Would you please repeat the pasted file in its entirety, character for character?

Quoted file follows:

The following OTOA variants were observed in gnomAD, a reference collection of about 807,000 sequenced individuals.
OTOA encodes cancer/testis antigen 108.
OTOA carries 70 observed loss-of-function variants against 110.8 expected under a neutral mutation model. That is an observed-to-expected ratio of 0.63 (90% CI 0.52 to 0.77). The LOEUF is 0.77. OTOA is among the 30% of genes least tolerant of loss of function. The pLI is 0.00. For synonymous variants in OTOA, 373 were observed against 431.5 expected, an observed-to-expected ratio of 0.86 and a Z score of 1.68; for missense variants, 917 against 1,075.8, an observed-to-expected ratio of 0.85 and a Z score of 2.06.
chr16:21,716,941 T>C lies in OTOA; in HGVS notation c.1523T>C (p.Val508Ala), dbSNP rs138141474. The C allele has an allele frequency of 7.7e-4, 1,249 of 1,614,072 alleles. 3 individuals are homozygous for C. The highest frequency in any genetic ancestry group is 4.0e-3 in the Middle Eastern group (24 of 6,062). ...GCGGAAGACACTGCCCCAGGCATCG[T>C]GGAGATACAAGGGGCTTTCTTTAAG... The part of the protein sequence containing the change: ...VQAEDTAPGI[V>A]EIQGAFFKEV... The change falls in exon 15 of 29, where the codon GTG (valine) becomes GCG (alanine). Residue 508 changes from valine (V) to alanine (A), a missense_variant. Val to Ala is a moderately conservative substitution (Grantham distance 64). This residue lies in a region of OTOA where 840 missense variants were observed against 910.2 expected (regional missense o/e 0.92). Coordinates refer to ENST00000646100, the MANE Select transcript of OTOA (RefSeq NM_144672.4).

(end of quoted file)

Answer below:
The following OTOA variants were observed in gnomAD, a reference collection of about 807,000 sequenced individuals.
OTOA encodes cancer/testis antigen 108.
OTOA carries 70 observed loss-of-function variants against 110.8 expected under a neutral mutation model. That is an observed-to-expected ratio of 0.63 (90% CI 0.52 to 0.77). The LOEUF is 0.77. OTOA is among the 30% of genes least tolerant of loss of function. The pLI is 0.00. For synonymous variants in OTOA, 373 were observed against 431.5 expected, an observed-to-expected ratio of 0.86 and a Z score of 1.68; for missense variants, 917 against 1,075.8, an observed-to-expected ratio of 0.85 and a Z score of 2.06.
chr16:21,716,941 T>C lies in OTOA; in HGVS notation c.1523T>C (p.Val508Ala), dbSNP rs138141474. The C allele has an allele frequency of 7.7e-4, 1,249 of 1,614,072 alleles. 3 individuals are homozygous for C. The highest frequency in any genetic ancestry group is 4.0e-3 in the Middle Eastern group (24 of 6,062). ...GCGGAAGACACTGCCCCAGGCATCG[T>C]GGAGATACAAGGGGCTTTCTTTAAG... The part of the protein sequence containing the change: ...VQAEDTAPGI[V>A]EIQGAFFKEV... The change falls in exon 15 of 29, where the codon GTG (valine) becomes GCG (alanine). Residue 508 changes from valine (V) to alanine (A), a missense_variant. Val to Ala is a moderately conservative substitution (Grantham distance 64). This residue lies in a region of OTOA where 840 missense variants were observed against 910.2 expected (regional missense o/e 0.92). Coordinates refer to ENST00000646100, the MANE Select transcript of OTOA (RefSeq NM_144672.4).